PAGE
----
By Sue Botos
Almost everyone is familiar with that pulse-pounding, hand-sweating feeling that usually accompanies public speaking. For Rocky River Chamber of Commerce Executive Director Liz Manning, this anxiety made it hard to catch her breath.
Recalling her first speech at a Chamber luncheon, Manning remembered, “I thought it would be easy, but I had trouble breathing.”
The experience ultimately lead her to join Toastmasters, a national program that encourages members’ confidence in front of a crowd by studying manuals, practicing and helping each other at workshoplike club meetings.
“I saw this as a way to improve and get practice. It’s a great way to get the opportunity to practice each week, and I don’t get the nerves I used to,” Manning added.
Manning had the chance to use what she has learned during an August meeting of Westlake Toastmasters Club #497 at the Westlake Porter Public Library, where she was Toastmaster for the day. This role, one of several assumed by members during a meeting, most resembles what she does at Chamber functions, according to Manning. She also served as “Wordmaster,” introducing the word of the day, “willowwacks,” a wooded uninhabited area.
Other club members took the parts of evaluators for speeches, “Tipmaster” (the day’s top was “victory loves preparation”), grammarian, timer and “ah counter,” who was responsible for tallying fillers such as “ums” and “ahs.” A secret greeter was also assigned to meet each person coming in the door.
As with each meeting, two speakers were featured. Susan Pemberton, giving her informative talk, spoke about Minnie Pearl, complete with an attention-getting “Howdeee!” as introduction. Newcomer Frank Butler did an “icebreaker” about his home in England.
“Each speech has an objective,” explained Manning. “Your first speech is the icebreaker, then you go through the workbooks and pick your own topic, but follow an objective.” She said that after 10 speeches, given on a club member’s own schedule, he or she is certified, and can move on to become a “competent communicator” and ultimately a “distinguished Toastmaster.”
Toastmasters is not completely about prepared speeches, however. A section called “table topics” requires the club member to talk, off the cuff, for one or two minutes on a surprise topic. At this meeting, it was a photograph pulled randomly from an envelope.
“This gives you a chance to speak spontaneously. I really admire the mayor (Pam Bobst, of Rocky River) for her ability to do this. I’ve learned to have a stash in my head and spin a topic a bit,” said Manning. She also pointed out that this skill is handy for meetings and job interviews, where a person can be put on the spot with an unexpected question.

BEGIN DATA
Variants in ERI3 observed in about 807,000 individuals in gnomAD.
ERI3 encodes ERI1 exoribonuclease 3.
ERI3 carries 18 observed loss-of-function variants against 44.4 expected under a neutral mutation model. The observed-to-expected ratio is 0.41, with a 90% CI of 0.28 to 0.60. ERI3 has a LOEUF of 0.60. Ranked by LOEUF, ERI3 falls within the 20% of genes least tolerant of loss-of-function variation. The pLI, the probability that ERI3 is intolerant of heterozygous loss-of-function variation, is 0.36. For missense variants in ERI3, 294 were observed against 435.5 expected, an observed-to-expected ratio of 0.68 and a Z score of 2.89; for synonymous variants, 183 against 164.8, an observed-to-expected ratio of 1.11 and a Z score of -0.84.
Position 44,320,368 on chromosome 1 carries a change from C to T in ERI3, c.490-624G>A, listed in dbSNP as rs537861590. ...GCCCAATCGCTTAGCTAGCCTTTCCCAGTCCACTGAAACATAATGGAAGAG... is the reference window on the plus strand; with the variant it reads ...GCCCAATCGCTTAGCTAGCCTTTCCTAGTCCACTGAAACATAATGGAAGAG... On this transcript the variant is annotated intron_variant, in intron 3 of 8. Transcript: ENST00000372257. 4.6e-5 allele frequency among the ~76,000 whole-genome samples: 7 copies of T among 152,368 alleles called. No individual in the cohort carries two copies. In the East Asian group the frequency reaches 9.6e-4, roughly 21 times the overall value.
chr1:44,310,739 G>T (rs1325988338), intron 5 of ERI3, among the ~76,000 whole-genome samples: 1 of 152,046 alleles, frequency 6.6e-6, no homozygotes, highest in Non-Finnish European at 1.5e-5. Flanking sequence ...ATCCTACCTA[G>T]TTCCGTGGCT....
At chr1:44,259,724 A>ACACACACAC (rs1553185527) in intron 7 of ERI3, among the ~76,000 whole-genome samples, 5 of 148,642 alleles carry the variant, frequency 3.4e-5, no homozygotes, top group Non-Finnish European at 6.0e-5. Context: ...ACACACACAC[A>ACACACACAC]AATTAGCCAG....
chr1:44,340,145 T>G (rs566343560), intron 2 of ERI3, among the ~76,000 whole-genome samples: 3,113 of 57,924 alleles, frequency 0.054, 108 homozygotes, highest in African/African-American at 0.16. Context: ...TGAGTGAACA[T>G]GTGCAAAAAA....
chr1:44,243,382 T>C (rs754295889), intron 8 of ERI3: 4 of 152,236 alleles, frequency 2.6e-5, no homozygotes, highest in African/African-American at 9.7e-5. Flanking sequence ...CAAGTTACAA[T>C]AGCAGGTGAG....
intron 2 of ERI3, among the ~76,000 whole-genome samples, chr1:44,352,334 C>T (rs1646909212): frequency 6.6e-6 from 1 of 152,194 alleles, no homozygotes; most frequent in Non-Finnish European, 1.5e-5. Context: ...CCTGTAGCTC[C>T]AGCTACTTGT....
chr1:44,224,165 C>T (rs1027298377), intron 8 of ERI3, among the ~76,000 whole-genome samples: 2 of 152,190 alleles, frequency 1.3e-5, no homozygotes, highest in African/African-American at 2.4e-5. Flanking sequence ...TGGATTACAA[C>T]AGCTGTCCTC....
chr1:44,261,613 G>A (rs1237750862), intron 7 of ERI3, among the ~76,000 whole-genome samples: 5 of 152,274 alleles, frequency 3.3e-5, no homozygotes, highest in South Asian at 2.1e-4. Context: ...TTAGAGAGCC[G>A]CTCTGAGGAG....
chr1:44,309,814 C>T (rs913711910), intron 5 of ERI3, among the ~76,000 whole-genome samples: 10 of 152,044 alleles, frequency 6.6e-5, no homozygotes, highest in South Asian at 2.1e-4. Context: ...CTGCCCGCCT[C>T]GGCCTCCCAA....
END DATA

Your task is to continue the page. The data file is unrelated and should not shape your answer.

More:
A Toastmasters meeting is timed down to the minute, so busy people can fit the gathering into a lunch hour. Meetings are held at various times and places and, according to Manning, usually draw about 10 members. She said her group ranges in background from stay-at-home moms to doctors to a magician, Neil Rozum, who asked a guest to assist with his “Jokemaster” presentation.
The gathering concluded with evaluations of even the meeting itself. All assessments were good-natured and offered constructive suggestions, especially for Butler’s icebreaker. Manning noted that there is a “pay it forward” attitude where more seasoned members help out novices.
These suggestions are often turned into goals, which Manning said are personal for each member. “My first-year goal is to finish the manual and shake the nerves. I used to be absolutely terrified,” she said, adding that it helps for her to see her audience before speaking, and get used to who is present. She did admit that even a short one- to two-minute speech seems much longer when in front of a crowd.
As for the old adage of picturing the audience in their underwear as a relaxation method, Manning said that this does not work well.
Anyone who wants to learn more about Toastmasters is invited to an open house on Oct. 26 at the Westlake Porter Public Library, beginning with lunch from 11:30 a.m. until 12:15 p.m. A one-hour regular meeting will follow, after which a reception will be held until 1:30 to answer any questions about the group.
Manning, who is vice president of public relations for her club, highly recommends the experience. “It’s a good sense of accomplishment, especially when you hear the feedback.”